Mahesh Babu’s milestone 25th film Maharshi, directed by Vamshi Paidipally, finally opened in theaters today after feverish expectations built up ever since the film was announced. Thanks to the extensive publicity campaign of the film, we all know by now that Mahesh plays Rishi, a character that has three phases - a college student, a successful business magnate and finally a farmer. He also goes through emotional transitions and realizes that life is not just about earning crores of money from professional success, but also standing up for one’s near and dear ones and their causes. It’s a ‘going back to the roots’ story catered to Mahesh Babu’s strong points and personality traits.
The film has a run time of close to 3 hours and has all the usual mainstream elements which accompany such star vehicles. After a strictly average first half, Maharshi comes into its own once Rishi returns to India from the US. He takes up the issues faced by a village, due to the involvement of his close friend Ravi (played very well by Allari Naresh) and makes sure that the farmers of the land gamely stand up to the commercial pressures posed by a corporate kingpin (Jagapati Babu). The farmers' angle will instantly connect with you as it’s a topical issue which has been haunting our nation since long. But some of the solutions that the film offers aren’t convincing!
Mahesh looks great as always; his styling sense and the way he carries himself on screen are impeccable. He looks mostly the same in all his films nowadays, and it works just fine for him and his adoring fans. He emotes well in the sentimental scenes and is rage personified in a key action sequence in the second half. Twins Ram - Laxman have become experts at choreographing emotional stunt scenes which work great in a packed theater with the hero’s fans whistling and hooting non-stop!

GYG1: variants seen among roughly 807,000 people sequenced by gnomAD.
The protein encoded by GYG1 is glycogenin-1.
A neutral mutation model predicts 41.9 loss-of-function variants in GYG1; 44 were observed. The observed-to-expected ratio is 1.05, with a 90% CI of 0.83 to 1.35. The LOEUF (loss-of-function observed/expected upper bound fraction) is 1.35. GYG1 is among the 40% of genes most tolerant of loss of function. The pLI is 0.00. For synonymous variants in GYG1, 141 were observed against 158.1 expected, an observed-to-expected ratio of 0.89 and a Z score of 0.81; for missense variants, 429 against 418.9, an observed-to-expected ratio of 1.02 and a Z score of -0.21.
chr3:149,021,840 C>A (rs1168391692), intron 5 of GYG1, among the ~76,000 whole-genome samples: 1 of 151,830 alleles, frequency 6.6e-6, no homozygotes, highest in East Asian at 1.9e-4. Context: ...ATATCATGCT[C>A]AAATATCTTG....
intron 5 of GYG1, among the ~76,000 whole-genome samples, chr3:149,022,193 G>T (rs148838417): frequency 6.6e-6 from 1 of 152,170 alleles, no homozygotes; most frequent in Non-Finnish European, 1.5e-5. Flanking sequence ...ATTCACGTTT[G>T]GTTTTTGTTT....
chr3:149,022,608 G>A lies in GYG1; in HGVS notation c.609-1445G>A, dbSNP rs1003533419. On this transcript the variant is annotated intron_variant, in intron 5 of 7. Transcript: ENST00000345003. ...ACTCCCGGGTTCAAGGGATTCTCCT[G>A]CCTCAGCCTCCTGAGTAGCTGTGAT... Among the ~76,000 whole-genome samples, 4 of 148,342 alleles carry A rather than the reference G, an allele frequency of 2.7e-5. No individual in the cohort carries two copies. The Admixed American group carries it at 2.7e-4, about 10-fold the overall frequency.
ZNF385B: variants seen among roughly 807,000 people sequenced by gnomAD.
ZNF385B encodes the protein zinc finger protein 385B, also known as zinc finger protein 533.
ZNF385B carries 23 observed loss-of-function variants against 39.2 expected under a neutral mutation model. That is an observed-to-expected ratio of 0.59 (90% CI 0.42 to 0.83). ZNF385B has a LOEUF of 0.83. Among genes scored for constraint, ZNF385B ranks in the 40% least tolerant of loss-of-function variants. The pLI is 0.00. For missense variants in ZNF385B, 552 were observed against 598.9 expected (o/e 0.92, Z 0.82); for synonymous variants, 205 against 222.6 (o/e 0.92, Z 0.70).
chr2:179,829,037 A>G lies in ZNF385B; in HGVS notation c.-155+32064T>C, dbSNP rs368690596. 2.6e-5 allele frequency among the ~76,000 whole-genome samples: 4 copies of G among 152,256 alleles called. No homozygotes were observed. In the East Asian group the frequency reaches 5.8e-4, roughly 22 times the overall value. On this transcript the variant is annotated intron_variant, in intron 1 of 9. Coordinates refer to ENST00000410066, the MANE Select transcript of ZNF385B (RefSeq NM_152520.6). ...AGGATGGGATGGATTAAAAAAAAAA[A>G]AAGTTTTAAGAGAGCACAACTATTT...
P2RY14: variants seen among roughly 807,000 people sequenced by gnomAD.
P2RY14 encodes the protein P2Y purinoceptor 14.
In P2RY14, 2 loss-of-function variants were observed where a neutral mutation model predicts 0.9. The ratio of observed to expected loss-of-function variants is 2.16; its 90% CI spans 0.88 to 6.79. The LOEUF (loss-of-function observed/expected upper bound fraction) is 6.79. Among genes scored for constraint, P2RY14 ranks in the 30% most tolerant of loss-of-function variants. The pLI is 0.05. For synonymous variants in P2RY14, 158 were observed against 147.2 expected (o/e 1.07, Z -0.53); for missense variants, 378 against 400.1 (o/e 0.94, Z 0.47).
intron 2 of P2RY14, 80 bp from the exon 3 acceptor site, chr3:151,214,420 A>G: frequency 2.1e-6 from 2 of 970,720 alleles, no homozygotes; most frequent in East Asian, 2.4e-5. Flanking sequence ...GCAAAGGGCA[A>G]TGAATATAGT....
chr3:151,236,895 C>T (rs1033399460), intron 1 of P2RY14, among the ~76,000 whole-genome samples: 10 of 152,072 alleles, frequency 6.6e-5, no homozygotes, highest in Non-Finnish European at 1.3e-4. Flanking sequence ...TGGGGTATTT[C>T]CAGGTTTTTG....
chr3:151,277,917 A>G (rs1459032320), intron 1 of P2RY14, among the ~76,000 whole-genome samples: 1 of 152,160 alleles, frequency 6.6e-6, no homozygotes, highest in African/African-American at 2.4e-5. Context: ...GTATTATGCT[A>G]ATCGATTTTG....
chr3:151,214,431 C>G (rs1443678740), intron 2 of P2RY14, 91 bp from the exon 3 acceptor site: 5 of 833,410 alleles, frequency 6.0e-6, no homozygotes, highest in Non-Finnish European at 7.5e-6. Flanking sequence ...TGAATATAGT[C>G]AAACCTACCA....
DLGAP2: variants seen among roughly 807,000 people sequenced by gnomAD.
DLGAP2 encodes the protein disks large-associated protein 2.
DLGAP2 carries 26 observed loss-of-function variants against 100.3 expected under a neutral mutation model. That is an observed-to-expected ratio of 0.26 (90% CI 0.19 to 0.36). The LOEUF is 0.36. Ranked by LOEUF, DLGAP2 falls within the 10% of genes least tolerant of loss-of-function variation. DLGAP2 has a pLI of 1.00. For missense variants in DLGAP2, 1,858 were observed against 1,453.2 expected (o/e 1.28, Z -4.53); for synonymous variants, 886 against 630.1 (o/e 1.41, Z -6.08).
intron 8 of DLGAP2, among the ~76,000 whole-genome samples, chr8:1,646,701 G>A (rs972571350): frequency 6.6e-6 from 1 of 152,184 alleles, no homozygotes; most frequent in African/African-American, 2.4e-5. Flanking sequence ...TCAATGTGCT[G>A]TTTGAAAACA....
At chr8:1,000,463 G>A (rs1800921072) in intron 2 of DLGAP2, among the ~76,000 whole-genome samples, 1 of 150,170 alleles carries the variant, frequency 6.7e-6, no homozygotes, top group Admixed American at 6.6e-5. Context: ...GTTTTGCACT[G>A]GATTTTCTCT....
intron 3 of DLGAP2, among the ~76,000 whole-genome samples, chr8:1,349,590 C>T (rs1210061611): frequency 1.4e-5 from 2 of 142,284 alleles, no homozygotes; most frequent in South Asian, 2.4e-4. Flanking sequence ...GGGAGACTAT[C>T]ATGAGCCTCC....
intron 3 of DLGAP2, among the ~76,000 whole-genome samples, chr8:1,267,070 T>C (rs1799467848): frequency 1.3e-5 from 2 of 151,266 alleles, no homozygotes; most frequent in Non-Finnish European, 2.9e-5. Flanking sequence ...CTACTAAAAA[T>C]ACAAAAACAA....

Maharshi has been perfectly packaged for Mahesh’s larger than life image, and his fans will love it. The film will definitely remind you of popular films such as Swades, 3 Idiots, Kaththi and the star’s own Srimanthudu. It’s a rehashed, repackaged version which scores very low on originality and novelty, but ultimately it all works out well. The film's final stretch is a definite highlight and shall leave the viewers content while walking out of the theater.
Though a couple of songs with Mahesh and gorgeous lead heroine Pooja Hegde are downright bad, the emotional ‘Idhe Kadha Nee Katha’ (the best of the lot), the farming number ‘Padara Padara’ & the college friendship song ‘Choti Choti Baatein’ work well on screen. Composer Devi Sri Prasad’s work passes muster when seen with the film. Editor Praveen KL passes the challenge of managing a close to 3 hour film; his presentation has enough highpoints to engage us despite lulls in the first half. Apart from Allari Naresh and Rao Ramesh, Prakash Raj to an extent, the other support actors don’t get much to play with.
Mahesh Babu seems to have struck a potent box office formula with Srimanthudu, Bharat Ane Nenu and now Maharshi. If his film provides commercial mass entertainment for his fans and the general audience, handles some social issues affecting the common man and is strong in sentiments, it invariably clicks. Maharshi ought to work out well for all the parties involved.